Chris Van Gorder, CEO and president of Scripps Health in San Diego, predicted in early 2016 that the industry would see a large number of mergers and acquisitions this year as well as attempts by the Federal Trade Commission to block them. He was right.
In the first six months of 2016 alone, Kaufman Hall identified 52 hospital and health system transactions, an increase of 6.1% from 49 transactions recorded in the first half of 2015.
Feds block hospital mergers—at least for now
But many proposed deals face obstacles. Both the Federal Trade Commission and the U.S. Justice Department have intervened to block hospital deals in recent months, driven by concerns that too many mergers may wind up having negative impacts on the markets they serve. But it's unclear if the government will continue to be an obstacle for future mergers once President-elect Donald Trump takes office. He has indicated that he wants businesses to practice in a less government-mandated environment.
One expert doesn't think federal scrutiny will abate, however. “There is a history of bipartisan support for antitrust enforcement in healthcare,” Leslie C. Overton, a partner at Alston & Bird and a former Justice Department official, recently told The New York Times. “I don’t think we should expect a wholesale shift, based on the change from Democratic to Republican.”
As far as the FTC's current stance, Edith Ramirez, chair of the FTC, said in January that “competition plays an important role with respect to quality as hospitals compete to attract patients,” and that she was “very concerned about the rapid rate of consolidation among healthcare providers.”
The most recent example was the planned merger between Advocate Health Care and NorthShore University HealthSystem in Chicago, which has turned into a major legal tug of war between the feds and the two hospital systems. After the FTC lost an initial ruling, an appeals court recently allowed the agency's intervention in the deal to move forward. But NorthShore and University Health say they will continue to fight for the merger.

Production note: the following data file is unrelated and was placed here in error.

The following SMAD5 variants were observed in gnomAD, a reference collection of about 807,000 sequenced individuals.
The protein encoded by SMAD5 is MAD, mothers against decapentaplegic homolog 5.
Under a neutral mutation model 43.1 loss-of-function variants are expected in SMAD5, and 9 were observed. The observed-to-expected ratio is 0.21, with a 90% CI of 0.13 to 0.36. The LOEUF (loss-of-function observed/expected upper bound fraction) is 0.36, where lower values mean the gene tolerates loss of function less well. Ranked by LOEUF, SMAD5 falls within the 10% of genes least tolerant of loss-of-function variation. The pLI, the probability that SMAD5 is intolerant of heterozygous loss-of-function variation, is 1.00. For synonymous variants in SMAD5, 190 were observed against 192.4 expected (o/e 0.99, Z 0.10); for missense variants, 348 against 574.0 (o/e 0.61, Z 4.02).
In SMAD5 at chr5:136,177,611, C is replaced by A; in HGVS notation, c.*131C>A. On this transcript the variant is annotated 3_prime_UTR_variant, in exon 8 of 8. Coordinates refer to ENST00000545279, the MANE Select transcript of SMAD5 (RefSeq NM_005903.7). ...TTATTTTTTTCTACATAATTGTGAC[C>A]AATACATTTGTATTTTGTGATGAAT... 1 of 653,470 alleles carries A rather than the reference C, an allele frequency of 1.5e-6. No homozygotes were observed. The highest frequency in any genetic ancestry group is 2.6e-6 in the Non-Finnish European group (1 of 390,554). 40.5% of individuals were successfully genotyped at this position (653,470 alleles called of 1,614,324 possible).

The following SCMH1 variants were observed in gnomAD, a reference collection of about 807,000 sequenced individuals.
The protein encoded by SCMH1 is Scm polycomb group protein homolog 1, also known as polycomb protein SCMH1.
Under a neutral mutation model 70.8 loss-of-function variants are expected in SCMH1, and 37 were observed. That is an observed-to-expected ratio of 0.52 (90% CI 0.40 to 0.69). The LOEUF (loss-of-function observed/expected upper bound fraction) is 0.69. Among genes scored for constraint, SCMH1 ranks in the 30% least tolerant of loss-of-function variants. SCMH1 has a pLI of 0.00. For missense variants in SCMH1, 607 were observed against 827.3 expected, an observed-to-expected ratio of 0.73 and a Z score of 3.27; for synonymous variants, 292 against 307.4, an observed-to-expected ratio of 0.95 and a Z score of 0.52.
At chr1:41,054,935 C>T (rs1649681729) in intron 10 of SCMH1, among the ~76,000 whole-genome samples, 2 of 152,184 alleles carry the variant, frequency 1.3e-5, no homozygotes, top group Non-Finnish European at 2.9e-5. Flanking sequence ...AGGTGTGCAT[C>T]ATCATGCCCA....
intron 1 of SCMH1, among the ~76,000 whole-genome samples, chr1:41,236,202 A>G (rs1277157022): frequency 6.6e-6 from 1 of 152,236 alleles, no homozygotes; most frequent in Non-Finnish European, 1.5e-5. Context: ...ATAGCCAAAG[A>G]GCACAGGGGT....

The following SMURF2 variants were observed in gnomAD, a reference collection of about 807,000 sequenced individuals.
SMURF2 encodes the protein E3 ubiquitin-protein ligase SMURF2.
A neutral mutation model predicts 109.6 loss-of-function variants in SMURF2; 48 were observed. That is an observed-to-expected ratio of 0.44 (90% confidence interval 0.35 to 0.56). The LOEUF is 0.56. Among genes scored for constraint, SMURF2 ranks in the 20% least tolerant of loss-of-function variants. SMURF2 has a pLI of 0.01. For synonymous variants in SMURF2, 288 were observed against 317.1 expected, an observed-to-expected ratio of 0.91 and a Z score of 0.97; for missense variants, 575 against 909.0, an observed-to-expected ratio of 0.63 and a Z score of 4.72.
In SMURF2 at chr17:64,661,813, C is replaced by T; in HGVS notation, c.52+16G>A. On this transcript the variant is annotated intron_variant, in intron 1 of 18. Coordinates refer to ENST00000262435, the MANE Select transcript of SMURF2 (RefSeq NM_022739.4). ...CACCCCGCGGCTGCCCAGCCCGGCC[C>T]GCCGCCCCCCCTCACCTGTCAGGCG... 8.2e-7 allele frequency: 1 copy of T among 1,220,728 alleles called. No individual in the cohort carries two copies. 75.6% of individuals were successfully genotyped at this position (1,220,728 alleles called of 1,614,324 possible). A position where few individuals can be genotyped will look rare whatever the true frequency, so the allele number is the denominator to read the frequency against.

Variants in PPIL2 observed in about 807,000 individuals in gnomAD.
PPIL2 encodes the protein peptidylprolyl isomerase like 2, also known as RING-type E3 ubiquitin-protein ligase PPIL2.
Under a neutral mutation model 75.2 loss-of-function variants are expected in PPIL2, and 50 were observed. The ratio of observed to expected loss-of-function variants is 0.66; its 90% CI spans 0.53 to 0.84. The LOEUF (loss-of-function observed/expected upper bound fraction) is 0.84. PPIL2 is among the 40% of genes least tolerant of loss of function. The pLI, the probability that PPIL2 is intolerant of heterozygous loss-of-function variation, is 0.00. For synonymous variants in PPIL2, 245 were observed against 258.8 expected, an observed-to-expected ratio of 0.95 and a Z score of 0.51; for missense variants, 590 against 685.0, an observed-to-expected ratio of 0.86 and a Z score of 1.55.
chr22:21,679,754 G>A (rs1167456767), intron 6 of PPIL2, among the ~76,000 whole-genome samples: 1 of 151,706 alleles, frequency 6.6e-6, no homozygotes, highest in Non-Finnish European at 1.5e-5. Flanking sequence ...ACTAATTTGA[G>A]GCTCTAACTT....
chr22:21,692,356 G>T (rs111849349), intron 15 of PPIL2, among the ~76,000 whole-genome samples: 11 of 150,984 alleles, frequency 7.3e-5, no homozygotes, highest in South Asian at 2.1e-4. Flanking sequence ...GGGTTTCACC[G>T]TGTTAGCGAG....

The federal government also intervened in a potential deal between Penn State Health and PinnacleHealth in Pennsylvania. The FTC was successful in getting both parties to that deal to withdraw.
Late last year the FTC blocked 303-bed Cabell Huntington Hospital's proposed purchase of 393-bed St. Mary's Medical Center in rural West Virginia. That case is still being litigated.
Mergers lead to growth of Catholic healthcare organizations
One of the biggest potential deals of this year and 2017 would be between two Catholic healthcare giants. Catholic Health Initiatives and Dignity Health issued a statement in October announcing a nonbinding intent to merge, which would create the nation's largest hospital system by revenue.
These types of deals have led to a dramatic increase in the number of Catholic hospitals across the United States. Indeed, a report released earlier this year by MergerWatch found that the number of Catholic-owned or affiliated hospitals in the U.S. has grown by 22% since 2001, and now comprise about 17% of all acute care beds nationwide.
But the growth of Catholic hospitals has led to disputes between patients and Catholic doctrine that does not endorse many facets of reproductive care. Catholic hospitals obviously do not provide abortions, but few provide common family planning services, such as prescribing contraceptives or allowing surgeons to perform tubal ligation or vasectomies. In some instances, Catholic hospitals may be wary to even provide lifesaving services to a pregnant mother if it may interfere with the viability of the child.
Fears that deals will drive up healthcare costs
As mergers in the hospital sector continue unabated, so do concerns about their economic impact on healthcare delivery.
Evidence that mergers between hospitals and healthcare systems hike prices continues to mount. A study released earlier this year suggested that mergers led to prices rising 10% or more, no matter whether they take place in the same or even separate markets.
Such concerns have actually prompted one state to address the issue directly. Connecticut Gov. Dannel Malloy used the state's certificate-of-need laws to place a moratorium on many kinds of mergers earlier this year. Malloy noted that rising healthcare prices and costs were the primary concerns behind his decision.
"With continuing changes in the healthcare industry, it is critical that our state laws ensure that all hospitals continue to thrive, and that the deck is not stacked in favor of fewer than a handful that dominate the marketplace,'' Malloy said in a statement at the time. "We need balance. Fewer healthcare systems mean fewer choices for consumers, and that can dramatically affect both the quality of care and costs."